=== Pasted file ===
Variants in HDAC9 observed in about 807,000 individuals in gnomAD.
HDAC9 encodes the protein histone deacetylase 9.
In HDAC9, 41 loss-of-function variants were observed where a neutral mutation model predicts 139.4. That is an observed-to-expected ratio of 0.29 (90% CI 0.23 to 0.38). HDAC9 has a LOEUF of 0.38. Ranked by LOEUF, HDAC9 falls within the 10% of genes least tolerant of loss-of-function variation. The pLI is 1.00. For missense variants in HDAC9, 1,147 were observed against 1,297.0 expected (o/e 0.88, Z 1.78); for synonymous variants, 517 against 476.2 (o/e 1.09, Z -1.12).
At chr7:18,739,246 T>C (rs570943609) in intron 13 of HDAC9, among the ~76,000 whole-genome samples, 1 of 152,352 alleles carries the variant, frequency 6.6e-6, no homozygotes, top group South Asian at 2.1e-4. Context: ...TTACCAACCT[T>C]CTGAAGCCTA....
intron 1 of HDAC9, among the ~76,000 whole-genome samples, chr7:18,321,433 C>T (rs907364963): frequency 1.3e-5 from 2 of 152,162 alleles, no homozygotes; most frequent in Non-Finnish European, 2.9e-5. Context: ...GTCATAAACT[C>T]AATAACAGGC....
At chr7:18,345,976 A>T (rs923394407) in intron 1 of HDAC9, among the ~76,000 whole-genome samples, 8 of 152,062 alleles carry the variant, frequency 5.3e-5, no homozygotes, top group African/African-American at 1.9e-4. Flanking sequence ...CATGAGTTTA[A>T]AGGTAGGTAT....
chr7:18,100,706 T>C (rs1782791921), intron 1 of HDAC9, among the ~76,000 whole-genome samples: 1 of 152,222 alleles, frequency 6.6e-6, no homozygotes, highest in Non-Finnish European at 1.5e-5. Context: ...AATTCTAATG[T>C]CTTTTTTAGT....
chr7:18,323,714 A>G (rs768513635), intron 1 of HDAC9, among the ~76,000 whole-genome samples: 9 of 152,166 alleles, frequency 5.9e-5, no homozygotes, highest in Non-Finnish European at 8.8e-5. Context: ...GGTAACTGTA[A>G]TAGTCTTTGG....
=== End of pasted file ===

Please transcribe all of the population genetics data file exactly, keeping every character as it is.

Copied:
Variants in HDAC9 observed in about 807,000 individuals in gnomAD.
HDAC9 encodes the protein histone deacetylase 9.
In HDAC9, 41 loss-of-function variants were observed where a neutral mutation model predicts 139.4. That is an observed-to-expected ratio of 0.29 (90% CI 0.23 to 0.38). HDAC9 has a LOEUF of 0.38. Ranked by LOEUF, HDAC9 falls within the 10% of genes least tolerant of loss-of-function variation. The pLI is 1.00. For missense variants in HDAC9, 1,147 were observed against 1,297.0 expected (o/e 0.88, Z 1.78); for synonymous variants, 517 against 476.2 (o/e 1.09, Z -1.12).
At chr7:18,739,246 T>C (rs570943609) in intron 13 of HDAC9, among the ~76,000 whole-genome samples, 1 of 152,352 alleles carries the variant, frequency 6.6e-6, no homozygotes, top group South Asian at 2.1e-4. Context: ...TTACCAACCT[T>C]CTGAAGCCTA....
intron 1 of HDAC9, among the ~76,000 whole-genome samples, chr7:18,321,433 C>T (rs907364963): frequency 1.3e-5 from 2 of 152,162 alleles, no homozygotes; most frequent in Non-Finnish European, 2.9e-5. Context: ...GTCATAAACT[C>T]AATAACAGGC....
At chr7:18,345,976 A>T (rs923394407) in intron 1 of HDAC9, among the ~76,000 whole-genome samples, 8 of 152,062 alleles carry the variant, frequency 5.3e-5, no homozygotes, top group African/African-American at 1.9e-4. Flanking sequence ...CATGAGTTTA[A>T]AGGTAGGTAT....
chr7:18,100,706 T>C (rs1782791921), intron 1 of HDAC9, among the ~76,000 whole-genome samples: 1 of 152,222 alleles, frequency 6.6e-6, no homozygotes, highest in Non-Finnish European at 1.5e-5. Context: ...AATTCTAATG[T>C]CTTTTTTAGT....
chr7:18,323,714 A>G (rs768513635), intron 1 of HDAC9, among the ~76,000 whole-genome samples: 9 of 152,166 alleles, frequency 5.9e-5, no homozygotes, highest in Non-Finnish European at 8.8e-5. Context: ...GGTAACTGTA[A>G]TAGTCTTTGG....